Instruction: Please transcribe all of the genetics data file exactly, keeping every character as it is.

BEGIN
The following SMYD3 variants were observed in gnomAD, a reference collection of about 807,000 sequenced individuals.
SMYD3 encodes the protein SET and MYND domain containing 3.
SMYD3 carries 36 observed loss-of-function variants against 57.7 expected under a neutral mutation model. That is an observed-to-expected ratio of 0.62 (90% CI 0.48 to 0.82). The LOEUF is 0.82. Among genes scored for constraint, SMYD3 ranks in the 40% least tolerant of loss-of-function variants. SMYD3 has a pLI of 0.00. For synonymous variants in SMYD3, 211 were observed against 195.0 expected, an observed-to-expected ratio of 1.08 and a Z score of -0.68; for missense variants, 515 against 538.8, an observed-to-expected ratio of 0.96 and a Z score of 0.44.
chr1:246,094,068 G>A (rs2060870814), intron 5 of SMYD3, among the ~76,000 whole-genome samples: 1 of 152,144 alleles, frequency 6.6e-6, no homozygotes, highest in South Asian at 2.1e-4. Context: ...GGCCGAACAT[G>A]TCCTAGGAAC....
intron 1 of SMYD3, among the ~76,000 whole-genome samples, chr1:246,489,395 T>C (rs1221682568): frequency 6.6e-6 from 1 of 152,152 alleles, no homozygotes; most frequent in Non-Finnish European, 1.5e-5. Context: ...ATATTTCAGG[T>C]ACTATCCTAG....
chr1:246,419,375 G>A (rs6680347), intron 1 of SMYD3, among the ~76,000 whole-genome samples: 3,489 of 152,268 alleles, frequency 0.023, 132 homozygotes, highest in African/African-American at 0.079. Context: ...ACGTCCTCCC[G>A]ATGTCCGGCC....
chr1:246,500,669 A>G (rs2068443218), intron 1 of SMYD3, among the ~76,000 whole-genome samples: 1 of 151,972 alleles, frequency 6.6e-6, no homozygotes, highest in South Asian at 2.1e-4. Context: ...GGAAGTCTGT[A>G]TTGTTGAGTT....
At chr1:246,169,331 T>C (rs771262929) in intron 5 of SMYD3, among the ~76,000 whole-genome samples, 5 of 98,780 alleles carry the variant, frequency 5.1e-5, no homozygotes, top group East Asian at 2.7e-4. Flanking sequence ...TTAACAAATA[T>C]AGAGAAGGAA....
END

The following SMYD3 variants were observed in gnomAD, a reference collection of about 807,000 sequenced individuals.
SMYD3 encodes the protein SET and MYND domain containing 3.
SMYD3 carries 36 observed loss-of-function variants against 57.7 expected under a neutral mutation model. That is an observed-to-expected ratio of 0.62 (90% CI 0.48 to 0.82). The LOEUF is 0.82. Among genes scored for constraint, SMYD3 ranks in the 40% least tolerant of loss-of-function variants. SMYD3 has a pLI of 0.00. For synonymous variants in SMYD3, 211 were observed against 195.0 expected, an observed-to-expected ratio of 1.08 and a Z score of -0.68; for missense variants, 515 against 538.8, an observed-to-expected ratio of 0.96 and a Z score of 0.44.
chr1:246,094,068 G>A (rs2060870814), intron 5 of SMYD3, among the ~76,000 whole-genome samples: 1 of 152,144 alleles, frequency 6.6e-6, no homozygotes, highest in South Asian at 2.1e-4. Context: ...GGCCGAACAT[G>A]TCCTAGGAAC....
intron 1 of SMYD3, among the ~76,000 whole-genome samples, chr1:246,489,395 T>C (rs1221682568): frequency 6.6e-6 from 1 of 152,152 alleles, no homozygotes; most frequent in Non-Finnish European, 1.5e-5. Context: ...ATATTTCAGG[T>C]ACTATCCTAG....
chr1:246,419,375 G>A (rs6680347), intron 1 of SMYD3, among the ~76,000 whole-genome samples: 3,489 of 152,268 alleles, frequency 0.023, 132 homozygotes, highest in African/African-American at 0.079. Context: ...ACGTCCTCCC[G>A]ATGTCCGGCC....
chr1:246,500,669 A>G (rs2068443218), intron 1 of SMYD3, among the ~76,000 whole-genome samples: 1 of 151,972 alleles, frequency 6.6e-6, no homozygotes, highest in South Asian at 2.1e-4. Context: ...GGAAGTCTGT[A>G]TTGTTGAGTT....
At chr1:246,169,331 T>C (rs771262929) in intron 5 of SMYD3, among the ~76,000 whole-genome samples, 5 of 98,780 alleles carry the variant, frequency 5.1e-5, no homozygotes, top group East Asian at 2.7e-4. Flanking sequence ...TTAACAAATA[T>C]AGAGAAGGAA....